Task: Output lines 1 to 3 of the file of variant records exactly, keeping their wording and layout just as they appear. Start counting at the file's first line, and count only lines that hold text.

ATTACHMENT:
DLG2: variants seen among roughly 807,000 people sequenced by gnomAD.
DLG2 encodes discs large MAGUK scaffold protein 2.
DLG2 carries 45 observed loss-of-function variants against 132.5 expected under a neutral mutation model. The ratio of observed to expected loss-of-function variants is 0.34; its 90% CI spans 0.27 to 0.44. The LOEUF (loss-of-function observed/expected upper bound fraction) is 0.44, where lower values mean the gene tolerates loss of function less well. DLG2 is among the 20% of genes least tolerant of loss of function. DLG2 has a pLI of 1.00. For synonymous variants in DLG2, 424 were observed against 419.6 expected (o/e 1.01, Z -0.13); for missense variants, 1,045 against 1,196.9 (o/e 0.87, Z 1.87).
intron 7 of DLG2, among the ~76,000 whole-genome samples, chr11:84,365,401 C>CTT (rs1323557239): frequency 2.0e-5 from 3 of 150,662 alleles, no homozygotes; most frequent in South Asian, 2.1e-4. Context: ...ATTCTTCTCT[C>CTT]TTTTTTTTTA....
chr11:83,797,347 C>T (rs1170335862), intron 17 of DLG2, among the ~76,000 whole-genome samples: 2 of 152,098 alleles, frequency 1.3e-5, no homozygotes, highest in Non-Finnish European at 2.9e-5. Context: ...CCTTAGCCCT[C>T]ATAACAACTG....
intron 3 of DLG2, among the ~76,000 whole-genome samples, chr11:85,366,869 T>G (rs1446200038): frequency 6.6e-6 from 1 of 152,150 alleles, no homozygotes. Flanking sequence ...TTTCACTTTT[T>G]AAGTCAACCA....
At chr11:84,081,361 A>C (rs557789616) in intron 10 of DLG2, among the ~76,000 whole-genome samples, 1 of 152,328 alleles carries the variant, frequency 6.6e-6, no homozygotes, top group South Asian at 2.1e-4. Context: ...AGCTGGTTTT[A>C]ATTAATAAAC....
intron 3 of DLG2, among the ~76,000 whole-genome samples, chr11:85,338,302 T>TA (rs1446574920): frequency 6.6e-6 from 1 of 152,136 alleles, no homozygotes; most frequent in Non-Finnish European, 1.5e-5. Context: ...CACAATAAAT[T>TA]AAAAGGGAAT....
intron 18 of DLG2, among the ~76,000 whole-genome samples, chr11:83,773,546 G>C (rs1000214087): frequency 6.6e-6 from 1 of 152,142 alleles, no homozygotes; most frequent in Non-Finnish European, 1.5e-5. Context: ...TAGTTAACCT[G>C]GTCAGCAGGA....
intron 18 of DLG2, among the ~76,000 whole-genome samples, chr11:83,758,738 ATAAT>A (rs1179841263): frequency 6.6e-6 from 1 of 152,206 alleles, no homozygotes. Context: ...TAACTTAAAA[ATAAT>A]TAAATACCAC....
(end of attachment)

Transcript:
DLG2: variants seen among roughly 807,000 people sequenced by gnomAD.
DLG2 encodes discs large MAGUK scaffold protein 2.
DLG2 carries 45 observed loss-of-function variants against 132.5 expected under a neutral mutation model. The ratio of observed to expected loss-of-function variants is 0.34; its 90% CI spans 0.27 to 0.44. The LOEUF (loss-of-function observed/expected upper bound fraction) is 0.44, where lower values mean the gene tolerates loss of function less well. DLG2 is among the 20% of genes least tolerant of loss of function. DLG2 has a pLI of 1.00. For synonymous variants in DLG2, 424 were observed against 419.6 expected (o/e 1.01, Z -0.13); for missense variants, 1,045 against 1,196.9 (o/e 0.87, Z 1.87).